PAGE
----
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Enough words have been exchanged ...

Close your eyes and picture the following scenario: We have another six years of Donald Trump ahead of us – and then a really conservative president comes to power in the United States. Anyone who hasn’t woken up yet may as well stay in bed. Our problem in Europe today is not the United States – we are the problem. Across the Atlantic in North America, there resides a people with whom we are and will remain closely linked on all possible levels. Except now they are led by an administration whose intentions and rhetoric are as opaque as they are disconcerting. Over here, we have the world’s largest single internal market, which has now pompously decided to “take its fate into its own hands,” if Chancellor Merkel is to be believed. Her words reflect the consensus of the 2014 Munich Security Conference, that Germany should assume more responsibility for foreign policy.

To well-informed Europeans, it is clear that aside from dealing with all the current transatlantic challenges, we have a duty to take a new look at ourselves. We must part with old images of who “we” are – even if, for decades, our societies have successfully hung these pictures on the walls and given them a weekly dusting. The old Europe of the Treaties of Rome no longer exists, any more than we are still a “coal and steel community.” Today we are living through and shaping an agglomeration of nations. Over a period of decades, it has grown to 28 states, and is committed to further enlargement. Through deeply interwoven values, rules and the benefits of cooperation based on them, it has become – internally and externally – the world’s most successful region. For the large majority of its populations, despite all their differences, peace and prosperity have become facts of everyday life. Arch enemies have become, if not friends, then dependable partners. Whether and to what extent we are also a community depends not only on the respective political points of view, but also on the specific policy area under consideration. We can however say that the military is one of Europe’s most successful processes of cooperation and integration to date. The list of functioning joint projects is long. It ranges from Permanent Structured Cooperation (PESCO) and German-Dutch units to the Coordinated Annual Review of Defence (CARD) and the European Defence Fund (EDF).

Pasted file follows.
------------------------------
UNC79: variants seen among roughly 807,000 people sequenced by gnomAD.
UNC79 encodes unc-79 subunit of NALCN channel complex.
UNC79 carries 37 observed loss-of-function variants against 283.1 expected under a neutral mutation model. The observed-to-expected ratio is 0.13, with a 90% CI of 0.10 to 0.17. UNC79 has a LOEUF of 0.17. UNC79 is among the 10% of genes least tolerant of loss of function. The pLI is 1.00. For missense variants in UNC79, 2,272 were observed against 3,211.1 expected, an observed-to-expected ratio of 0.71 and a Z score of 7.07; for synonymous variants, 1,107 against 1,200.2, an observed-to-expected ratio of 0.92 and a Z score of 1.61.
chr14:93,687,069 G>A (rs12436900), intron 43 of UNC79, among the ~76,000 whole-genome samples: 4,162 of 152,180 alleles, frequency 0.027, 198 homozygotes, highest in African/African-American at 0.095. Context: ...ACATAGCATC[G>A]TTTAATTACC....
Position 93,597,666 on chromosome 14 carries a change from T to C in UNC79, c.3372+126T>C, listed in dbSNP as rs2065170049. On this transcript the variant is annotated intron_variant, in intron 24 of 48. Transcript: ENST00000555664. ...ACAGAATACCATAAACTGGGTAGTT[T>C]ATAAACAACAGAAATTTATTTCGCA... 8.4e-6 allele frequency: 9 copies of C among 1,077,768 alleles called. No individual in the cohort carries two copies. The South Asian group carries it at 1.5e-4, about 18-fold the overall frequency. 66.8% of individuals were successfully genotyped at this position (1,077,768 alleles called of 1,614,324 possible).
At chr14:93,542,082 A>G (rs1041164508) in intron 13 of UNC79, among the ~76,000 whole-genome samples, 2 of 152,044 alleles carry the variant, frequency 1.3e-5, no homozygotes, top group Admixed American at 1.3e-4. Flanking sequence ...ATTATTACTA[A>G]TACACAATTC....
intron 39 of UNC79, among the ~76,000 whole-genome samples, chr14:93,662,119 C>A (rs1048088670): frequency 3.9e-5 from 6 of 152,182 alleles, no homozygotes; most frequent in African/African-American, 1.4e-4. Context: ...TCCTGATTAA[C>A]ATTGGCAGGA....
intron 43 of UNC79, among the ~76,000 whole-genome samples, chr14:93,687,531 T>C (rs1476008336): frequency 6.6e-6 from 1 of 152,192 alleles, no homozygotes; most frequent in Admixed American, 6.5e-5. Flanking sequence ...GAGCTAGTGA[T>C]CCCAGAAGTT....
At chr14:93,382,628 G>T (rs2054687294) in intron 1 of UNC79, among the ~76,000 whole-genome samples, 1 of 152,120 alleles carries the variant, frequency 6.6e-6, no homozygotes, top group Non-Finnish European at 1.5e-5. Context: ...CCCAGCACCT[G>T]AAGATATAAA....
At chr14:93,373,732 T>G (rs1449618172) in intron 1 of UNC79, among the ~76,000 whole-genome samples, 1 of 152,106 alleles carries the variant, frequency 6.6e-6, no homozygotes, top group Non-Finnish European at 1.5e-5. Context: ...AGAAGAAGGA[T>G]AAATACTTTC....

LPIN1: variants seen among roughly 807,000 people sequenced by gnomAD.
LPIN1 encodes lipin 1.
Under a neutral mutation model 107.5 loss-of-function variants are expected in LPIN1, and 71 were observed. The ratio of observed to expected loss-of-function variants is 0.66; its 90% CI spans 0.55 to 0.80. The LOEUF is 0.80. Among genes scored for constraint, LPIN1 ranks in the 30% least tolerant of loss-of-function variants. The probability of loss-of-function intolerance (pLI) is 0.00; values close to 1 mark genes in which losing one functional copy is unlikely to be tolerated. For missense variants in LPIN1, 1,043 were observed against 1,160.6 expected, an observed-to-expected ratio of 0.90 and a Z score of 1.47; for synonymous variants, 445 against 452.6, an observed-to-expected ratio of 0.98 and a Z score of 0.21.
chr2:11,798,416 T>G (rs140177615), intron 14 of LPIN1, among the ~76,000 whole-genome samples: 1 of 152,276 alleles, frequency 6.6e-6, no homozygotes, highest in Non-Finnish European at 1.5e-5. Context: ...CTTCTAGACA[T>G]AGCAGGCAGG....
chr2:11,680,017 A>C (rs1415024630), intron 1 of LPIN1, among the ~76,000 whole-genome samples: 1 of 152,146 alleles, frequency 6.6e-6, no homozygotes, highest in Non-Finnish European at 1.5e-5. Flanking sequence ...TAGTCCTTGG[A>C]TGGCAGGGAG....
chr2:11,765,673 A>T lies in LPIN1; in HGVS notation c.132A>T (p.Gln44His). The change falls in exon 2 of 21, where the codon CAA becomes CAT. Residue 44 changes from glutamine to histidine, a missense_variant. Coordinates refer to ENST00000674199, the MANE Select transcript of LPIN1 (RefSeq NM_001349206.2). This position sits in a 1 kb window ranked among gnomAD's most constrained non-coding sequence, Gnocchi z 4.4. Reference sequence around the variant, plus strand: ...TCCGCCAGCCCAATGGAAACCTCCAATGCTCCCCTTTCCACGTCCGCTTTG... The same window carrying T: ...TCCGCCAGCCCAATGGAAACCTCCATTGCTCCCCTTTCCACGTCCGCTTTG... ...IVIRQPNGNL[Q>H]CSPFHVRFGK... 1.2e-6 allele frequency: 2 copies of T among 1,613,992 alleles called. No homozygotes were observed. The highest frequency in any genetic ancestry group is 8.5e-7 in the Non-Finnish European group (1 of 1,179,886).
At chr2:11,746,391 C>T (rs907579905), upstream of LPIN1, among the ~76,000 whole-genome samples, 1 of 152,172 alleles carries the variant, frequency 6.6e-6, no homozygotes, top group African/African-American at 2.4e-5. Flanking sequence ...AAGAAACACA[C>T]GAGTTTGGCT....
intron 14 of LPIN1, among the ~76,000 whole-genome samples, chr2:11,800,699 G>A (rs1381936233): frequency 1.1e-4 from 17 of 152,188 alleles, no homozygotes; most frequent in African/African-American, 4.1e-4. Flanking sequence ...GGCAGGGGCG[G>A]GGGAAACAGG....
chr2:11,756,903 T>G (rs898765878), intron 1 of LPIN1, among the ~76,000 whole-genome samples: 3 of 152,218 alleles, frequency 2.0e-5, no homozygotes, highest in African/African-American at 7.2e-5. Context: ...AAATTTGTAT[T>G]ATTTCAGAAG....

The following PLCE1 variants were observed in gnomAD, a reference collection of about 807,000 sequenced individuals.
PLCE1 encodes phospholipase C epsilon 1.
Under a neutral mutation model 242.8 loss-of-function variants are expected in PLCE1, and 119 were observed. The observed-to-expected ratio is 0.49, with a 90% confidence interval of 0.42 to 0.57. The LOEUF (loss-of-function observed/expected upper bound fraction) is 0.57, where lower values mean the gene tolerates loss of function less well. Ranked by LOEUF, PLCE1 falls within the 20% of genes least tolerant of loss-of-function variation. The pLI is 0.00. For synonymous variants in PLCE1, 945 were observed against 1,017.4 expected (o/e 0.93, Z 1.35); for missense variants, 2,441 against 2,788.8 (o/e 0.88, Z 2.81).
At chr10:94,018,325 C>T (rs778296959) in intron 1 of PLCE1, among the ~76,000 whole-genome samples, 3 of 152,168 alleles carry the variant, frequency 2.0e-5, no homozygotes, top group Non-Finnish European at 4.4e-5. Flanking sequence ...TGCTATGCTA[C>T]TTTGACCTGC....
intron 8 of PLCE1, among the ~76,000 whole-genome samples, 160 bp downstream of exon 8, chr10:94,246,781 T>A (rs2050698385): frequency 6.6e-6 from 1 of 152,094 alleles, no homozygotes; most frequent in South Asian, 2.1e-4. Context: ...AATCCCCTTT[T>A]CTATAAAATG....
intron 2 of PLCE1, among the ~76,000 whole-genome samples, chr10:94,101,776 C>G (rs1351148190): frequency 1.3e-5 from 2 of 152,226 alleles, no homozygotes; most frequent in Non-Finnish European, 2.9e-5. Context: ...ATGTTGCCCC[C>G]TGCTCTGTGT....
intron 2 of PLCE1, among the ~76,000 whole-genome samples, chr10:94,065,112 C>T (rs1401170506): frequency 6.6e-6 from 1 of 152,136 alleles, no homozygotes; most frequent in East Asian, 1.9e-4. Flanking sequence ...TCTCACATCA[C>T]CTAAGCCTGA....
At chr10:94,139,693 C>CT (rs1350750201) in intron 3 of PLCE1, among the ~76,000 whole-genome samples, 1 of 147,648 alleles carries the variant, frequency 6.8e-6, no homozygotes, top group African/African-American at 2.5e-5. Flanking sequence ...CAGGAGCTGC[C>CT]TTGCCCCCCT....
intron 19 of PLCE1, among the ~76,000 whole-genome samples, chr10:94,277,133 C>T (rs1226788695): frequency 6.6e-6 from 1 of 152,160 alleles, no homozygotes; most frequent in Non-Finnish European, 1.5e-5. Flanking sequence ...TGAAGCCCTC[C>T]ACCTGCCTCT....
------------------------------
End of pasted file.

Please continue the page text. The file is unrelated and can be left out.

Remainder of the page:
But what will be the strengths tomorrow of a European Union which the British (in all likelihood) will have left, and in whose next parliament 30 to 40 percent of deputies will belong to parties either of the extreme right or the extreme left? What is the attraction of a group in which at least one member is facing proceedings due to apparent breaches of democratic and constitutional principles, and a second is already causing concern because of its judicial reforms? What values and attitudes will carry us forward in the face of Asian models of social systems and organizational structures which are evidently highly attractive, but incompatible with our principles of enlightenment, individuality and universal human rights?

It is still irritating that critics of the design and reality of the European Union often cannot avoid taking trivial details as a pretext for asserting their view that fundamentally undesirable developments are taking place. For the older generation, whose parents were wartime children, peace and prosperity are outstanding brands and outcomes of European integration. Yet for younger contemporaries, these achievements alone are quite clearly not enough to carry the Union into the future.